The home of cricket had an unusual guest on Friday, a man whose own spiritual home is in another part of London.
On a day marked by thunder and rain, there was Boom Boom in the press box — Boris Becker was in town and decided a spot of cricket would not hurt his tennis credentials.
About to step into a lift, what do you do when the doors split open to suddenly reveal a face most familiar, a hero from times gone by? Well, you mumble a ‘hi’, watch as he is shown around, and then rush to get your camera.
By Becker’s side was his girlfriend, Sharlely Lilly Kerssenberg. Tall and strapping, with his famous golden hair worn long, Becker looked every bit the outstanding athlete he was, even though the place he called home, Wimbledon, has been subsequently tenanted by two other deserving men. Becker wore a striped black suit, his girlfriend something off-white.
Becker’s visit proved good for the Indians, who grabbed the last six England wickets for just 26 runs. Becker, though, insisted that he had nothing to do with cricket — he said his knowledge of the game is minimal.
Becker and Kerssenberg were ushered to a hospitality box next to the media centre, and there he remained for the good part of the hour. A regular inflow of wine followed by the exit of staff bearing empty glasses indicated that liquor was being consumed at an impressive rate.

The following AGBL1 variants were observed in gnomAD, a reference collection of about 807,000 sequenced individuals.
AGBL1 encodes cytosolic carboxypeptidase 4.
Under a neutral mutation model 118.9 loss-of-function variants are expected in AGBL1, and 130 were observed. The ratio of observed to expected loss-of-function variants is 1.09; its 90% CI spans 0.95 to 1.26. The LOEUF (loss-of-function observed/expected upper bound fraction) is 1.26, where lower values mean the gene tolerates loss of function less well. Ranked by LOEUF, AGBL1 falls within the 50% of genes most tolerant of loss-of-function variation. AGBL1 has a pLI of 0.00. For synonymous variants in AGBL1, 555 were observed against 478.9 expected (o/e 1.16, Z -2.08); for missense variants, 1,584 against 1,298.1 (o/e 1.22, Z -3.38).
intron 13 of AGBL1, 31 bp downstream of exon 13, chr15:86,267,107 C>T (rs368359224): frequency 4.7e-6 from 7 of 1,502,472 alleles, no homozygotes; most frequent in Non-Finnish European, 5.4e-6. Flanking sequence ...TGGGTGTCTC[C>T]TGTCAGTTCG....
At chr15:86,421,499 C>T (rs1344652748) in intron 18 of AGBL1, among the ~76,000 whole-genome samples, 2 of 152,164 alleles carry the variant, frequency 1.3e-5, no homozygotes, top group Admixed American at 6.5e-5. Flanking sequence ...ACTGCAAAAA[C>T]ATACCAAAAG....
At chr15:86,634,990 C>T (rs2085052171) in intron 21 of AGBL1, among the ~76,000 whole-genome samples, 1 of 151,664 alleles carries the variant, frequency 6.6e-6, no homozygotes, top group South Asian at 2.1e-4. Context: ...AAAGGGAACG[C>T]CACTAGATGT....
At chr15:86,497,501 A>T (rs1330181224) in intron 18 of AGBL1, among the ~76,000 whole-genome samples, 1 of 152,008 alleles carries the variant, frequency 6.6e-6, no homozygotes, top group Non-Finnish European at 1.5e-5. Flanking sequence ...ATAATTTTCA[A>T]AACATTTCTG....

While the England batsmen continued to suffer, the wait for Becker to emerge began. He did emerge, finally, bearing a plate with his lunch — unsurprisingly, the plate was brimming.
Becker and Kerssenberg then settled down before a TV and, horrors, performed a sacrilege! At the home of cricket, turning their back to the match being played live, Becker and Kerssenberg watched British Open golf!
Lunch over, Becker was approached for his views of the gentleman's game, and he talked the little cricket he knew —names like Andrew Flintoff and Brian Lara are known of him. Unfortunately, of the Indians he displayed no knowledge.
Becker has been to Lord’s before, but there was no cricket on there. “I’ve watched the game on TV, but this is the first time I'm seeing a match at the ground," he said. Asked if he follows the game, Becker said no, but he did name two individuals, Flintoff and Lara, when his knowledge of the game's heroes was probed.
Thereafter, he spoke no more cricket, restricting himself to signing autographs for the media, who queued up before him like schoolboys — there were bigger men in the press box, but he stood out, maybe because we were aware we were in the presence of greatness.
The presence did not last, the lift doors closing this time to end a royal visitation.